|Three guys walk into a pizza joint...
No, it's not the start of a joke, although the joke may
be on the owner of the pizza business if she doesn't
understand the concept of "lifetime value of a
If you do not know what your average customer is worth
over the lifetime of the relationship, you are missing a
valuable piece of the marketing puzzle, and it will cost you
BIG TIME in lost sales and profits.
If the owner of the above pizza business doesn't know the
lifetime value of those three guys, then she can't know how
much she should spend to acquire and keep them as customers.
DO YOU KNOW THE LIFETIME VALUE OF YOUR CUSTOMERS?
And...this is NOT some sort of FUZZY math. If you know
your business you can calculate the lifetime value of a
customer quite easily.
Once calculated, you will find that the dollar amount you
arrive at will most likely surprise you...and quite possibly
enlighten you. Once known, it opens up a whole new view
regarding how to market and manage your business. It DOES
NOT matter what type of business your are in. A pizza
restaurant, a dental office, a plumbing company - every type
of business can capitalize on knowing the true lifetime
value of its customers.
So...just what exactly does "lifetime value of your
customer" mean. Simply the total contribution to
overhead over the entire life of the relationship between
you and your customer. It includes NOT ONLY the initial
sale, but all other residual sales less the product/service
costs and the advertising/marketing expenditures.
Let's say the average customer that walks through your
front door or visits your website and then purchases from you is
worth on average $150.00 for the first sale. That is NOT the
number that means anything. If you are marketing your
business correctly, you have established a relationship with
that customer that will continue over to other sales. In
this example, let's say the average subsequent sale is
$100.00 and the average customer makes another 8 sales. That
means that every new customer to you is worth $950.00 in
sales dollars. If you product/service cost is $350.00, then
your gross profit per new customer is $600.00.
How much does it cost in advertising/marketing dollars to
bring that new customer in? If it less than $600.00 then you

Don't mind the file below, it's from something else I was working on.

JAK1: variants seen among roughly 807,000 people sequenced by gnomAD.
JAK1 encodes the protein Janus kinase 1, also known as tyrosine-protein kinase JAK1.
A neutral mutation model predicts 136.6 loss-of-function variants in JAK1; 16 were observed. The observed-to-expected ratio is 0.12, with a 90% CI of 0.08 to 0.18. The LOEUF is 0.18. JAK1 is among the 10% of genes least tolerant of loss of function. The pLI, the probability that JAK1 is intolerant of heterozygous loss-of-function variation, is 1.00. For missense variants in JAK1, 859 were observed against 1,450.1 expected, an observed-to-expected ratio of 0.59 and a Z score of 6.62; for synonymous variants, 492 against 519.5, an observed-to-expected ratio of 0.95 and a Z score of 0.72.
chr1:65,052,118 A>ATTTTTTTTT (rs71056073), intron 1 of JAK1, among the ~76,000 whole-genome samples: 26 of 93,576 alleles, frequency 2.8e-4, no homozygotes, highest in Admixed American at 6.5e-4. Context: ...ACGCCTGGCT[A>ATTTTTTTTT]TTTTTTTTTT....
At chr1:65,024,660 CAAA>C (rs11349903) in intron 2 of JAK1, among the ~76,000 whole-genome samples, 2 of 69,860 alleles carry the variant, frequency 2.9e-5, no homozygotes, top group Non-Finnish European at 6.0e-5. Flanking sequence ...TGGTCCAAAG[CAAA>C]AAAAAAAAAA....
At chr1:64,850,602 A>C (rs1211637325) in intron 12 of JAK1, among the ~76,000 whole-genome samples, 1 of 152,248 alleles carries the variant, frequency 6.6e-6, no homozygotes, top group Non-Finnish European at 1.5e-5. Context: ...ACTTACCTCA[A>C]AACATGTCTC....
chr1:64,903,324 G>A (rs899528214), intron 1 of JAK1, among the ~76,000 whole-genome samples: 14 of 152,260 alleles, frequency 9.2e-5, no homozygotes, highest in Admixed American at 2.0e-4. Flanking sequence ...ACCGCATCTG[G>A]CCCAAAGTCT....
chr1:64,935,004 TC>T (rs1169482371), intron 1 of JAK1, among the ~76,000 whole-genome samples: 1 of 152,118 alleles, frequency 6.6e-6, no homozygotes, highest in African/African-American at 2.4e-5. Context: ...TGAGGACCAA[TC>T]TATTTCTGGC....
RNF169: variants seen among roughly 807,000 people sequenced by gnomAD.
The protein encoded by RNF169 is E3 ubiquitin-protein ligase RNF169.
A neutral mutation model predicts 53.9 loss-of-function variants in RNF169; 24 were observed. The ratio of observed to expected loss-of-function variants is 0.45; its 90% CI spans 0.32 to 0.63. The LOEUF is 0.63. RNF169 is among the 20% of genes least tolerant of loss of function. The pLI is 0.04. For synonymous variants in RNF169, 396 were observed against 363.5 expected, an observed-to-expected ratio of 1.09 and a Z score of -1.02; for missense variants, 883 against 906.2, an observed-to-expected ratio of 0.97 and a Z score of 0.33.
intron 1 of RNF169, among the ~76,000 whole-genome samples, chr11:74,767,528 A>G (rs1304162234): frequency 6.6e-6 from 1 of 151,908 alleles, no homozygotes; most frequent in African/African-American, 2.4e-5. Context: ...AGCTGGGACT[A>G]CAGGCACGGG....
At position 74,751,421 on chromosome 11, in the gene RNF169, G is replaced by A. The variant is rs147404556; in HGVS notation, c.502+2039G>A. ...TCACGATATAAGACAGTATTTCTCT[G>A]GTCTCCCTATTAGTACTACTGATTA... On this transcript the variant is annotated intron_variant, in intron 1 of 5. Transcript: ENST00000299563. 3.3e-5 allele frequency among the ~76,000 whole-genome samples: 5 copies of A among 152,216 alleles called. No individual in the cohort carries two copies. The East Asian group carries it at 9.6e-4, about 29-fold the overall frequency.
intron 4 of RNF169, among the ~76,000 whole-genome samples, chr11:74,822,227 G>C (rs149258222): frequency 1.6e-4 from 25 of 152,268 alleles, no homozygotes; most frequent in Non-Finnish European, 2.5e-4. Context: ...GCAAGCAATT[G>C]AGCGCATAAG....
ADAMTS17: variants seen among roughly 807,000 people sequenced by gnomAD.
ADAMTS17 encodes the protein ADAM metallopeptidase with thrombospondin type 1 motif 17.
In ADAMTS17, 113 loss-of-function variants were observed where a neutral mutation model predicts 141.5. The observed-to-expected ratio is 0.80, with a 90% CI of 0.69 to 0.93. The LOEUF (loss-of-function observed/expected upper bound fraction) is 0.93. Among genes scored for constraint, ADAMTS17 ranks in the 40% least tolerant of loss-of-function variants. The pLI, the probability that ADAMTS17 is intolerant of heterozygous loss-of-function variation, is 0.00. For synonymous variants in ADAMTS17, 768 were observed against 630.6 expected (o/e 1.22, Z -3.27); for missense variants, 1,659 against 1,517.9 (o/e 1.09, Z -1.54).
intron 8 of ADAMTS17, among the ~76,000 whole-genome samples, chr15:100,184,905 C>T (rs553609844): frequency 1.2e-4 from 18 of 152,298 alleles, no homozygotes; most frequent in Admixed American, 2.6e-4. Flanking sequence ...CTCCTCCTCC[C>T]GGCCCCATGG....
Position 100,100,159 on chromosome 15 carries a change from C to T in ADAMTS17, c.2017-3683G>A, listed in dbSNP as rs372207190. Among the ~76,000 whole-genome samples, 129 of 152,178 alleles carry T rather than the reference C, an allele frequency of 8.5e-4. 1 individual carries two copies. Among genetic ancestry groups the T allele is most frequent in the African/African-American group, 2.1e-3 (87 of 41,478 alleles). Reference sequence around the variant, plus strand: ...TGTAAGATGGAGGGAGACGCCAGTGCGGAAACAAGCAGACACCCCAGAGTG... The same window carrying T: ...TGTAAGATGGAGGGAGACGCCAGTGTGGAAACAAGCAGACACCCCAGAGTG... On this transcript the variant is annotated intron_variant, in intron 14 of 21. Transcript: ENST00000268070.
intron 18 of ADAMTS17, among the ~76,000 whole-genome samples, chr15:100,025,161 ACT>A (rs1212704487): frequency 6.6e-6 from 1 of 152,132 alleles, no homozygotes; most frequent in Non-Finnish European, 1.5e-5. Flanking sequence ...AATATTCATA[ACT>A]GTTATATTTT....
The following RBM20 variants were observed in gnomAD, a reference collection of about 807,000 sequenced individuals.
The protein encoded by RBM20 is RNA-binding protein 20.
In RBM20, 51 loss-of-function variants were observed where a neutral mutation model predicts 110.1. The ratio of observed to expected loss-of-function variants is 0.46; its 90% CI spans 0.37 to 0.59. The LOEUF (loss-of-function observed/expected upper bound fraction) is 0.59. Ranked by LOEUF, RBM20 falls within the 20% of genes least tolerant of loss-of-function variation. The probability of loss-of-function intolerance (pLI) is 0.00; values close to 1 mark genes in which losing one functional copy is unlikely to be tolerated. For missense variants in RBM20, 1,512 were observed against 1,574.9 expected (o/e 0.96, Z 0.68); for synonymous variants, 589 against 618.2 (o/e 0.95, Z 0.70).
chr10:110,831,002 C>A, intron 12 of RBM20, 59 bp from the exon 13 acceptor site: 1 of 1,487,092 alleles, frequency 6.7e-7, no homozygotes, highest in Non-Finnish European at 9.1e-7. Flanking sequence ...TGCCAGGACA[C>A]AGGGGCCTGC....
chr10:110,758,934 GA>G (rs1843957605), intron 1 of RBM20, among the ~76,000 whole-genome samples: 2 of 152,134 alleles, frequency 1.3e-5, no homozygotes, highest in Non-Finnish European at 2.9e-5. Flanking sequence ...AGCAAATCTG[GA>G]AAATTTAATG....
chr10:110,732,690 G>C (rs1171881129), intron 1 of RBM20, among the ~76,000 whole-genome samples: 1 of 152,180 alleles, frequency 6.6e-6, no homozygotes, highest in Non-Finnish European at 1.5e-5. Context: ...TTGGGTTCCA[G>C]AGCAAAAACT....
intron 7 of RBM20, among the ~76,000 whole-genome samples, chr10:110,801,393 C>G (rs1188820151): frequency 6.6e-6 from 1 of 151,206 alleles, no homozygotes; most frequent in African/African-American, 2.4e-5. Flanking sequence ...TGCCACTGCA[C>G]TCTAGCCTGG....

theoretically break even (we know...there's overhead costs
too). Most business owners won't conceive of spending
even the initial sales amount of $150.00 in
advertising/marketing costs to acquire the customer. But if
you know that that customer is worth $600.00 to you over the
relationship lifetime, how much would you be willing to
spend to get that customer. If you have even a modest amount
of capital, you should be spending at least $150.00 to make
that customer yours. Yes, your goal is to leverage your
marketing to ultimately reduce the amount you spend to
acquire customers, but your other goal is to create a
marketing program that acquires as many customers as
possible in a profitable manner.
Knowing what the true lifetime value of a customer is
allows you to plan your marketing accordingly. Not knowing
it means you are marketing blindly. Another advantage...most
if not all of your competitors don't know about this
concept, and you can and certainly should take advantage of
Another interesting note...in a recessionary period,
those that do not know the lifetime value of their customers
will not market as they should - they will actually cut back
their marketing. The fact is that during a down turn in the
economy it is easier to acquire their customers from them,
and if you perform as you should, they will be yours and
will never go back to your competition.
Add another marketing concept called "back-end
selling" to "lifetime value of a
customer" and you can easily double the actual
total lifetime value of each customer.
We can not only help you understand how these two (and
other) marketing philosophies can work together to create
massive growth in your sales, but also how to implement